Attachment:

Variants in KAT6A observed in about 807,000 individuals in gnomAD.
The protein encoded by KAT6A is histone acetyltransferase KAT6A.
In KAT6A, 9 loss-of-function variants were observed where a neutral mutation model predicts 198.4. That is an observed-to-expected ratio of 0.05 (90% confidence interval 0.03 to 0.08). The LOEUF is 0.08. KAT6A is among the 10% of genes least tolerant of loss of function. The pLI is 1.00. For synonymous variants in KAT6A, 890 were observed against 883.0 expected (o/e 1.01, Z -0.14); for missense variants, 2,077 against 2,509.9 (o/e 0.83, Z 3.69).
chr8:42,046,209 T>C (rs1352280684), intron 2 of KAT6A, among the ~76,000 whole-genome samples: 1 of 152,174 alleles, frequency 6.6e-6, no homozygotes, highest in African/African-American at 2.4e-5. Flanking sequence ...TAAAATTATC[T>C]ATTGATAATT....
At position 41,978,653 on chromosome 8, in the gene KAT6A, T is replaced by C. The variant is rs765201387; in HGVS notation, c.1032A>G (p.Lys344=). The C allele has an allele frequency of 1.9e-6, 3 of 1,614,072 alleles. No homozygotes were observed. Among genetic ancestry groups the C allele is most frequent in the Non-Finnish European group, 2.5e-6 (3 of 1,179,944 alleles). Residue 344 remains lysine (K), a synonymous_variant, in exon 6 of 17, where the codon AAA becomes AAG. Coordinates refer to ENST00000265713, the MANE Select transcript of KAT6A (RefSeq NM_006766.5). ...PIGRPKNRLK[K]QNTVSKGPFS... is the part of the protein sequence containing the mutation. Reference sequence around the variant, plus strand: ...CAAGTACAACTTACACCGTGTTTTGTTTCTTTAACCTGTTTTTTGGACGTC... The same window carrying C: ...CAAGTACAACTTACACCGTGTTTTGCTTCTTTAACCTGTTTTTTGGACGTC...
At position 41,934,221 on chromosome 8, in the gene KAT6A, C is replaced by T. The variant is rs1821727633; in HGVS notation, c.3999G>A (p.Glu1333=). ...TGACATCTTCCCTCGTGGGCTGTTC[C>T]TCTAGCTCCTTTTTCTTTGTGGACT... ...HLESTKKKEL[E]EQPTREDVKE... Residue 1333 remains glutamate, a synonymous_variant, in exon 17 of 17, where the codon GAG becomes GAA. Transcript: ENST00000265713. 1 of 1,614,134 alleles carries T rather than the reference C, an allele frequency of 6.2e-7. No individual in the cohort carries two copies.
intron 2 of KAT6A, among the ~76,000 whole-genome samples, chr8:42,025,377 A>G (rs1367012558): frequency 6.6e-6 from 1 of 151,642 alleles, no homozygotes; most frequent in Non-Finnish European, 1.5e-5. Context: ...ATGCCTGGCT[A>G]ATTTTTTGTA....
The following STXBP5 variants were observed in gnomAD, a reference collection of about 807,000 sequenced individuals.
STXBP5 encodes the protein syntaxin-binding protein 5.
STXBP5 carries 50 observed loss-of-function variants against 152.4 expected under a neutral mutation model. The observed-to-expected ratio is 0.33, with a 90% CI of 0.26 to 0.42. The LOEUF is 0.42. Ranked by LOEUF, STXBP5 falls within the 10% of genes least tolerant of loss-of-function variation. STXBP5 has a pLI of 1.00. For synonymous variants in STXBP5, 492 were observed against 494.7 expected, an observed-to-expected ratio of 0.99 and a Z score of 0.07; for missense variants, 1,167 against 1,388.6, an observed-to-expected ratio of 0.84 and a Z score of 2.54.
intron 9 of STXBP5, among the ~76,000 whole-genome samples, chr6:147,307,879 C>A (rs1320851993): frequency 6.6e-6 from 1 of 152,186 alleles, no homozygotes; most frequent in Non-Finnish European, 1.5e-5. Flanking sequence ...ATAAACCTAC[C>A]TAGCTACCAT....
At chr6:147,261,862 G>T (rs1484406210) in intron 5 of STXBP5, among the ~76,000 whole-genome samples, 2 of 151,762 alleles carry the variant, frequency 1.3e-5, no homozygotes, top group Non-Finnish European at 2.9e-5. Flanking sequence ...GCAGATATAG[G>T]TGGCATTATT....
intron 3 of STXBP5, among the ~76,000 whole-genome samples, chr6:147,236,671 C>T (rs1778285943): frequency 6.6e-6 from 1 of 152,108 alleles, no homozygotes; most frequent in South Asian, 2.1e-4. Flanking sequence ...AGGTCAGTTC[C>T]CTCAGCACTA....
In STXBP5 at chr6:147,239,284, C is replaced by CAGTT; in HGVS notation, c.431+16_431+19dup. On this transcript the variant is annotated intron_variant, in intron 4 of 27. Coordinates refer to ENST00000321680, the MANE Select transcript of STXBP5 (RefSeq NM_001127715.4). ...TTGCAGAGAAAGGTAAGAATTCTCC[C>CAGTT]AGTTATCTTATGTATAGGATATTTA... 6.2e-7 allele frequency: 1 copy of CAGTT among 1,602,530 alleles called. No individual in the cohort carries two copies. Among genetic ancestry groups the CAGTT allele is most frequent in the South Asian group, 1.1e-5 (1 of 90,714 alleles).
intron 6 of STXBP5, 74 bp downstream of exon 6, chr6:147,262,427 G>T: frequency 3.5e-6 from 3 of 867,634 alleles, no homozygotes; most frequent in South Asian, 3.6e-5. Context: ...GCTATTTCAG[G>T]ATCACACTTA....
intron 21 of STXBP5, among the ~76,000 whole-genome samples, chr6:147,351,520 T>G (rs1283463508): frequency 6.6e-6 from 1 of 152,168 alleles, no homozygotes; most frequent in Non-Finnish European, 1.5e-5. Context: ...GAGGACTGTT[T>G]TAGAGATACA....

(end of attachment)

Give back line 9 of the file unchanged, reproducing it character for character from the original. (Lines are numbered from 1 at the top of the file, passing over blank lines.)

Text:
STXBP5 encodes the protein syntaxin-binding protein 5.